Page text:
The Luis Buñuel Award honours a career and a professional life in the world of cinema. It was established in 1998 gathering the feelings of the Management Committee, after the festival held several ceremonies in Buñuel’s honour and following the approval of his sons Juan Luis and Rafael.
The initial trophy was created by the renowned artist from Huesca Eduardo Cajal, produced in bronze and detachable. It represented the threshold of a door and, according to the author, was inspired by the feature film The Exterminating Angel.
Nine years afterwards, the image of the trophy was changed, concretely in the 34th edition, by the artist from Zaragoza Fernando Sinaga. It was a spread out fan that, according to the author, represented at the same time ‘seduction’ and the idea of ‘the secret and the occult’.
In the 42nd edition, a new trophy was requested to Huesca born artist Antonio Santos by the new direction. The new award, christened as The Chorus Girl, breaks with the traditional trophy concept. The work, designed by Huesca born artist Antonio Santos, consists of different parts that make up the figure of a chorus girl.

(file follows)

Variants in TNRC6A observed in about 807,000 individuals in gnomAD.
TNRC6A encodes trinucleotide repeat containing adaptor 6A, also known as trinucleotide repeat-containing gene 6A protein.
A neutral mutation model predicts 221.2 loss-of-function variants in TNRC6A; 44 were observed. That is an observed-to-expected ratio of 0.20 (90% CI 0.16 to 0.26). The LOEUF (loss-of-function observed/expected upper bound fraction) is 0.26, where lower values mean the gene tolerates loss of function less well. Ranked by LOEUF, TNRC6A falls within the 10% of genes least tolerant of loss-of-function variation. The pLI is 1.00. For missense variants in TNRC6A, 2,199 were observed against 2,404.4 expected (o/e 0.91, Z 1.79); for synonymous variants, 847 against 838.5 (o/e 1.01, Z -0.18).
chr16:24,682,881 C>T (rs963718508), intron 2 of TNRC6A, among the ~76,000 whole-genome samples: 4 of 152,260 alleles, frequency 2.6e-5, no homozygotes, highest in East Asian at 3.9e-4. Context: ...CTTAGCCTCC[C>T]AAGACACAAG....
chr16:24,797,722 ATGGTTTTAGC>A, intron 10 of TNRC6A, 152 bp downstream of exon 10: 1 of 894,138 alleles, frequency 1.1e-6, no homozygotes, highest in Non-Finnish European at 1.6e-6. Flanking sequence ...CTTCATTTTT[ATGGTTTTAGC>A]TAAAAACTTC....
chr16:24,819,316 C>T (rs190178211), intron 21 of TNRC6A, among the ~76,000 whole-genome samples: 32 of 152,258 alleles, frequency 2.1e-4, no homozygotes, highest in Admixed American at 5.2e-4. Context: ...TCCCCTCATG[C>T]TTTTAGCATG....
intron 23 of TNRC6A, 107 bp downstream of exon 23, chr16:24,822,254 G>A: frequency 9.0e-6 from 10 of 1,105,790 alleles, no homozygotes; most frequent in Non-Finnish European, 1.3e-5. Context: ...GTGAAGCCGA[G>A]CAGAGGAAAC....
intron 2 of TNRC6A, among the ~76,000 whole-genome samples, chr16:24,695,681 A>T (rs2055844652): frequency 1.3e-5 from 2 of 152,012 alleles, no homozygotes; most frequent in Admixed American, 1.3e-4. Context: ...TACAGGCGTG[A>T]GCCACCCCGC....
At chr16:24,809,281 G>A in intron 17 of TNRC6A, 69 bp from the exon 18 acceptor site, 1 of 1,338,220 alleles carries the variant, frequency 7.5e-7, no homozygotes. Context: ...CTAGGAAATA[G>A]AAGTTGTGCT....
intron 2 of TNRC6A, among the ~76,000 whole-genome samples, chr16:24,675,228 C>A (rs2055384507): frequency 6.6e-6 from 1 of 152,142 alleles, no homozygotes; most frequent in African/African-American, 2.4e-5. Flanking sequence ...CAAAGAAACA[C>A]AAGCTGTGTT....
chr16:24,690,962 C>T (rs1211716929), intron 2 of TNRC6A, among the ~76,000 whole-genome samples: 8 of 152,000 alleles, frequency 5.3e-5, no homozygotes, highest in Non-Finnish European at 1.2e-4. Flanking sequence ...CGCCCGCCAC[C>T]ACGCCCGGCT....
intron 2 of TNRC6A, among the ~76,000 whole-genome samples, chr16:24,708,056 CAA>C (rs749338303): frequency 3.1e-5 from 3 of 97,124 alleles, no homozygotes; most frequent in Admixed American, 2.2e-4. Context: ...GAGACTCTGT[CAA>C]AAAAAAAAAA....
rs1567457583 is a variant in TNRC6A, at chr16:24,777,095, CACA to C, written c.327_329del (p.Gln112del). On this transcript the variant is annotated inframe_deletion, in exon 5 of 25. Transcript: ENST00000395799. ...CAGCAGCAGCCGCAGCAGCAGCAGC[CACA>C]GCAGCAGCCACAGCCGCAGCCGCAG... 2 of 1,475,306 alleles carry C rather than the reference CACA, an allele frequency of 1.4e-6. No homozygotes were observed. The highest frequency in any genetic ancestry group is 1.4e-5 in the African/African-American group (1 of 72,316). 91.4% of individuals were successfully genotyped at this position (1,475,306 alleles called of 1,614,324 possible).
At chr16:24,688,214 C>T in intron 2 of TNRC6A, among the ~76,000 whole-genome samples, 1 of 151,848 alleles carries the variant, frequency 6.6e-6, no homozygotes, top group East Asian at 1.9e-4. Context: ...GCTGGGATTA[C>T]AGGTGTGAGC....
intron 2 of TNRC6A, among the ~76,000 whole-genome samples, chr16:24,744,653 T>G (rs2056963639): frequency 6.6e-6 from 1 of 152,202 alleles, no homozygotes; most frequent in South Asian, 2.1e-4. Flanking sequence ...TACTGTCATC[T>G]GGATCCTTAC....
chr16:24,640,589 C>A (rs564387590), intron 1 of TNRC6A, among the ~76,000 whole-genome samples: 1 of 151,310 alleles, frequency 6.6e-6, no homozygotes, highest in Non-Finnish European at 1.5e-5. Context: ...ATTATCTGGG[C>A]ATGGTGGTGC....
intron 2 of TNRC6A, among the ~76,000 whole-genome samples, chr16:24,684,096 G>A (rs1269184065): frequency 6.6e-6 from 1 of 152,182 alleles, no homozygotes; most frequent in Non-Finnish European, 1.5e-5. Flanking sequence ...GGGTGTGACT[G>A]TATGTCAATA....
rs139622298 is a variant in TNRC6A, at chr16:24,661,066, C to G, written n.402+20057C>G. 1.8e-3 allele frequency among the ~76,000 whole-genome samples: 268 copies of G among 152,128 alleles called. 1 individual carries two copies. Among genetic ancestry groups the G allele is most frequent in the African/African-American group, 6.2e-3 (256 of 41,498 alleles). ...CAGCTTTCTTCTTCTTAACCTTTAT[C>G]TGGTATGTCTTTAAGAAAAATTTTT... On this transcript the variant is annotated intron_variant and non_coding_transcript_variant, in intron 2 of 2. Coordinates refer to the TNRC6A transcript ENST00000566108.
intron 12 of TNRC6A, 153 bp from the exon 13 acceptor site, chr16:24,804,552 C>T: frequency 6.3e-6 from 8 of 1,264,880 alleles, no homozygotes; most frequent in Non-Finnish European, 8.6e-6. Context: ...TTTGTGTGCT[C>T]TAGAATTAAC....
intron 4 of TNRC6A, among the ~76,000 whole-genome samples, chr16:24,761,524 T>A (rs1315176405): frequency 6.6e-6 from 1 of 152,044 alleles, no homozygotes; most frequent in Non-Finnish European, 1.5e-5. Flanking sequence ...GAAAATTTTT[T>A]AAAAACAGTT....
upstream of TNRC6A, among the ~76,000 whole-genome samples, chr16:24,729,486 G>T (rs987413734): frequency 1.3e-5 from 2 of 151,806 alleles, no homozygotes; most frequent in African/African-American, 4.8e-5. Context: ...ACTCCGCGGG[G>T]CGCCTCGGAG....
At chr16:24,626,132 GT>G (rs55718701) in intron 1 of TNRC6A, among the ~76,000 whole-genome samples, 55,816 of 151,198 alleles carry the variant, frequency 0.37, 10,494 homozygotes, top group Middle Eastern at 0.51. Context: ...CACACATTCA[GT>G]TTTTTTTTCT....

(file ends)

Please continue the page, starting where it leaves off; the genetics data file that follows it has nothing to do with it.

Santos is a sculptor, painter and illustrator. He studied Fine Arts at Barcelona Faculty and lived in Paris. He has participated in more than 50 solo exhibitions during his 25 years of artistic career. He was awarded the Rafael de Penagos Drawing Prize, the Daniel Gil Prize and the second National Illustration Award 2003 for Pancho, published by Kalandraka. He has collaborated with other publishing houses as Siruela, Sinsentido, SM and Libros del Zorro Rojo.
Among the most outstanding personalities who have received this award, there can be found José Luis Borau (1998), Michel Piccoli (1999), Silvia Pinal (2000), Patrice Leconte (2001), Aki Kaurismaki (2002), Jerzy Kawalerowicz (2003), Jean Troell (2004), André Techiné (2005), Pedro Armendáriz Jr. (2006), Vittorio y Paolo Taviani (2007), Bertrand Tavernier (2008), Theo Angelopoulos (2009), Ángela Molina (2010), Elías Querejeta (2011), Stephen Fears (2012), Adolpho Arrietta (2013), Carlos Saura (2014), Laurent Cantet (2015), Jean Claude Carrière (2016), Costa Gavras and Alex de la Iglesia (2017), and José Sacristán (2018).